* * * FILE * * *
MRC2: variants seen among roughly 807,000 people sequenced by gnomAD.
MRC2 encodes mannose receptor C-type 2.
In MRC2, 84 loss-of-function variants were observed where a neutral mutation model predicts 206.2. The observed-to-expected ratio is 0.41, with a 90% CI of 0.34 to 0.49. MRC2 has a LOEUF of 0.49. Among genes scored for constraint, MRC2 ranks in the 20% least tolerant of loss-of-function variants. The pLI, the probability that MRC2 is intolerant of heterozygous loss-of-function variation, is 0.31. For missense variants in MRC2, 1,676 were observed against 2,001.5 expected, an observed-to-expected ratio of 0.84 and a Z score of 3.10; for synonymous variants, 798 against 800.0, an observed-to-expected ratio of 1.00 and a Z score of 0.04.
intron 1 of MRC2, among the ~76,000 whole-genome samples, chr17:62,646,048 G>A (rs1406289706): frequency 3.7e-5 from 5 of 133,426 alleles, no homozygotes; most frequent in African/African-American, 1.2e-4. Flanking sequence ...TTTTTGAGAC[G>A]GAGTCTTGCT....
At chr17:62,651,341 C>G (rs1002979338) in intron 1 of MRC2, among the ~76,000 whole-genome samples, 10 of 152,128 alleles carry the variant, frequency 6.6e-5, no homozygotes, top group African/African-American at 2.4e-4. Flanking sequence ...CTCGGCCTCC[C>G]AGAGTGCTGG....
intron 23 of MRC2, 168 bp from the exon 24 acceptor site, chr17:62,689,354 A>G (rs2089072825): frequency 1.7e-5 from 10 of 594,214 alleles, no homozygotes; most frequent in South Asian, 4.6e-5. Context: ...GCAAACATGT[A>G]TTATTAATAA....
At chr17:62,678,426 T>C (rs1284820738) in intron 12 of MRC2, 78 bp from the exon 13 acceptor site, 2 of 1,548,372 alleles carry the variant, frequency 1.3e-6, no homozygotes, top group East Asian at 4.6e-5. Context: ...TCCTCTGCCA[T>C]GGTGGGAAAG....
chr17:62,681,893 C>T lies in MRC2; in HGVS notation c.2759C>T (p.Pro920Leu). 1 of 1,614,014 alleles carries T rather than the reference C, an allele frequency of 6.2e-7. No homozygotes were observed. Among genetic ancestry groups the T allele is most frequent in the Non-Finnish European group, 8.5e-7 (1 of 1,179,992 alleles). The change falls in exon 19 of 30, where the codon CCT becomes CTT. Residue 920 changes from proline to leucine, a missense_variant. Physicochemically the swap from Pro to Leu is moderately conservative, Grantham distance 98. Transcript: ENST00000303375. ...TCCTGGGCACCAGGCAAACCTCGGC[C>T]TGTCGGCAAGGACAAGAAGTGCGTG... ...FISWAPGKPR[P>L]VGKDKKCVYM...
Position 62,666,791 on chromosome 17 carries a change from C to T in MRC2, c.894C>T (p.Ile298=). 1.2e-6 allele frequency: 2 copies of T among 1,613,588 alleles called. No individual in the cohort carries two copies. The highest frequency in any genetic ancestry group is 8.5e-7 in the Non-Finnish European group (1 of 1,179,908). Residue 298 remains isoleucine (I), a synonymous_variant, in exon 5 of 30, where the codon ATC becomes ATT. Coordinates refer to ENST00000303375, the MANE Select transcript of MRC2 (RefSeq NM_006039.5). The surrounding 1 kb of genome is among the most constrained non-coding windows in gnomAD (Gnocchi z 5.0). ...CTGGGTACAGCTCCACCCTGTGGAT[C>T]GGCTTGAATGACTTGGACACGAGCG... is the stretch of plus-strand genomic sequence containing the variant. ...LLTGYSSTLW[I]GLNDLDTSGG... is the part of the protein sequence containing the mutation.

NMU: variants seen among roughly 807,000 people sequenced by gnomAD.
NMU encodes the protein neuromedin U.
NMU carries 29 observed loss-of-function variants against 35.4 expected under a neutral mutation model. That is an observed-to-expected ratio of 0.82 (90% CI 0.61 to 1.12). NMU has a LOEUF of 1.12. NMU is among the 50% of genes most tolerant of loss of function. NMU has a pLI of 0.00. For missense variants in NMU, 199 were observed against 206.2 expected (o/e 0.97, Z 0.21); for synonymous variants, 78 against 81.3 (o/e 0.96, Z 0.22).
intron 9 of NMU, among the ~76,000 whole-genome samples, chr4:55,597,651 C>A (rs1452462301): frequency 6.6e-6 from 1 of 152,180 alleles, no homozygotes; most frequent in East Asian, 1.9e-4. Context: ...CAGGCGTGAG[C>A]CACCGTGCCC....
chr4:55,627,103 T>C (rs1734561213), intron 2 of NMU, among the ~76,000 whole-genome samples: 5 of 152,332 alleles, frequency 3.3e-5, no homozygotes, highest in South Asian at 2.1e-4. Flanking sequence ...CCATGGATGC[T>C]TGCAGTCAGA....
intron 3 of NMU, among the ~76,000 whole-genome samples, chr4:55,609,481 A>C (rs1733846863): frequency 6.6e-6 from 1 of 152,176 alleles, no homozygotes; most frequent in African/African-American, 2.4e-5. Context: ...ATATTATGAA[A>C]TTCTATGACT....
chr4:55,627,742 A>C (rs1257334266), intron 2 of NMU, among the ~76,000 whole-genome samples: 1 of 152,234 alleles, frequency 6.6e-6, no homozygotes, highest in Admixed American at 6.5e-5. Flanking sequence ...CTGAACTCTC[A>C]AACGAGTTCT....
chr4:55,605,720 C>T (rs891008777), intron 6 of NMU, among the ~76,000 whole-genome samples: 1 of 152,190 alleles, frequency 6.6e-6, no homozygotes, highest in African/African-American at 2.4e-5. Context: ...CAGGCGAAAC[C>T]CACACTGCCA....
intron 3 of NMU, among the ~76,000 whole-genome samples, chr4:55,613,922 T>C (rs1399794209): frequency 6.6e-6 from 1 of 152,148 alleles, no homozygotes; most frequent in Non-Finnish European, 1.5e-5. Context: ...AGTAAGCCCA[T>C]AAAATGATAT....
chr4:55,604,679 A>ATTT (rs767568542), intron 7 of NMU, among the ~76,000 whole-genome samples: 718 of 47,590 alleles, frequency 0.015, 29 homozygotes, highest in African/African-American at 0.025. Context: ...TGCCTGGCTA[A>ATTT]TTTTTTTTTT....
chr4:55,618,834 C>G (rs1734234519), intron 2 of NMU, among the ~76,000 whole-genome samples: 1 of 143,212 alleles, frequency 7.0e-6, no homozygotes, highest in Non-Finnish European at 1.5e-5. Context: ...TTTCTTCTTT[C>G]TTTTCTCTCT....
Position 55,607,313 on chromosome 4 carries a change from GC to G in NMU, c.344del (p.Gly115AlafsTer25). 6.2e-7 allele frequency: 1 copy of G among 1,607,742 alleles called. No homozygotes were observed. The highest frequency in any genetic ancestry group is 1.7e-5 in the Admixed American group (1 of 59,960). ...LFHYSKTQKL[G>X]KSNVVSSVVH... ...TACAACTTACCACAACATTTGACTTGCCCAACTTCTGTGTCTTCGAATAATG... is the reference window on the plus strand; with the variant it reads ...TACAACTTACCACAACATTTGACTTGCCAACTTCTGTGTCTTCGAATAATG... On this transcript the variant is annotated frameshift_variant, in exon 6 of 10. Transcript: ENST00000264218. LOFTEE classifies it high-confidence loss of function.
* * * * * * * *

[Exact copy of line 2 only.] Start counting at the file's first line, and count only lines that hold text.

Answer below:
MRC2 encodes mannose receptor C-type 2.